Surfboards made from Marine Debris

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Marine debris is a huge problem in our seas and oceans. It’s an eyesore and annoyance to us but for animals who rely on the sea it’s a killer. Plastic in particular is a huge problem, we consume it at a ridiculous rate, and every piece ever created is still on the earth somewhere, much of it in the ocean. In order to do your bit in stopping the accumulation of waste in our waters you can re-use AND recycle plastics (reusable shopping bags and water bottles, for example) In addition, many innovative approaches to reuse are popping up, and plastic is being remade into T-shirts, belts and shoes. One such person, a surfer named Kevin Cunningham, a man whose ocean-focused reuse of plastic debris is not only helping to keep waters clearer of debris but also re-use this debris in a really pro-active and cool way.

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Kevin came up with an innovative way to use the trash he saw washing up on the local beaches of Providence, Rhode Island. He creates surfboards from reclaimed litter. He says he was inspired by the  a mix of a love for the ocean and feeling so agonised by the amount of trash washing up on the beaches, that he felt compelled to try to do something to combat the problem.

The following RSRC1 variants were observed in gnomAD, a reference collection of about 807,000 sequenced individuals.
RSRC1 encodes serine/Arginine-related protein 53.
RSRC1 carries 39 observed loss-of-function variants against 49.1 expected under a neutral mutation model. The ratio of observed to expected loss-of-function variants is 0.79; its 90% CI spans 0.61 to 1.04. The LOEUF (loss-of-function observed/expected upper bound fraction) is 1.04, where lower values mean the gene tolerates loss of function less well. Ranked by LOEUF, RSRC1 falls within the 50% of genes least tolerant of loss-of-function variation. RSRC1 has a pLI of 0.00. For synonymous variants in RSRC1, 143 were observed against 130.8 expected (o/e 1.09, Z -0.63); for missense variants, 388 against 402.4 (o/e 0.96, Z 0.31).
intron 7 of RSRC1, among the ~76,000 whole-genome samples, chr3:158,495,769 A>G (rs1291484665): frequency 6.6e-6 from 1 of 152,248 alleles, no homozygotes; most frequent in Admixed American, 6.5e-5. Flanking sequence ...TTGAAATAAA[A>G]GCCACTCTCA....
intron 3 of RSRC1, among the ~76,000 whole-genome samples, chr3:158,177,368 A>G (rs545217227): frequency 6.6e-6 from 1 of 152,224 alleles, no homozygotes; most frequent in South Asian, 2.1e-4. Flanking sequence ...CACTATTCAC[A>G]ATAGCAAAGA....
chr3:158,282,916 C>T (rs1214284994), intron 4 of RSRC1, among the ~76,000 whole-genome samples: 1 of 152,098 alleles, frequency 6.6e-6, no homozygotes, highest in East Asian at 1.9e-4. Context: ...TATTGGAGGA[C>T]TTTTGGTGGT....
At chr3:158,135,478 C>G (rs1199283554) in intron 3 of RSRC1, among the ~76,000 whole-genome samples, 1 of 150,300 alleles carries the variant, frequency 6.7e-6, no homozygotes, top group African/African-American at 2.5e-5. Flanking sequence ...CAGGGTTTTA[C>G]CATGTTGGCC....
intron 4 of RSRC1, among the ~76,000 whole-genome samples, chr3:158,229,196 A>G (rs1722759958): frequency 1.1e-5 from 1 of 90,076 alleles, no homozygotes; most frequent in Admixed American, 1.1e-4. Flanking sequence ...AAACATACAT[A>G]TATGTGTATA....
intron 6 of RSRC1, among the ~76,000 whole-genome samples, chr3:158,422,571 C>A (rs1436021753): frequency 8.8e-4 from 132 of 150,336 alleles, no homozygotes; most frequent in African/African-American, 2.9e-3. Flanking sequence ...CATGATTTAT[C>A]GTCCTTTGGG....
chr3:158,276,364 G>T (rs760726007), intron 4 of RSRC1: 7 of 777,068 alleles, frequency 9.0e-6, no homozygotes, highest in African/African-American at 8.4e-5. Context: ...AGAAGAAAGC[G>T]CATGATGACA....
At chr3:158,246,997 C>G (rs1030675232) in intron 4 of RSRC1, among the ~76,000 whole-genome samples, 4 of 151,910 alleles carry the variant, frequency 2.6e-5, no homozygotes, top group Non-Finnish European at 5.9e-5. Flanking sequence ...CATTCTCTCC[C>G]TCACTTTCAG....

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The possibilities are endless for the uses of the debris, plastic bags woven into a strengthening cloth, plastic bottles cut up and reassembled into fins amongst other things. The project, Spirare Sustainable Surf Craft, started in 2011, limited edition boards traveled to galleries across the USA, followed by a line of 100 custom-made boards. The boards aren’t just sustainable – they’re seen by Cunningham has a functional work of art, as surfboards are, in his words, “the ultimate combination of form and function.”

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He designs and builds boards of all types. Some of his boards are constructed of wood with a recycled EPS foam interior frame. They utilize a parabolic wood perimeter as well to maximize flex and spring back to project the board out of turns. The wood perimeter also brings the controlled flex to the rails of the surfboard where the board is engaging the wave the most. This provides a more positive feeling and transfer of energy from the surfer to the wave. A wood skin unifies the structure of the EPS frame and the parabolic wood perimeter. These boards are also lightweight; comparable to the weight of conventional PU boards while being much stronger and longer lasting while maintaining their flex characteristics.

But don’t take my word for it, see what Kev has to say for himself…

Find out more about Spirare boards here



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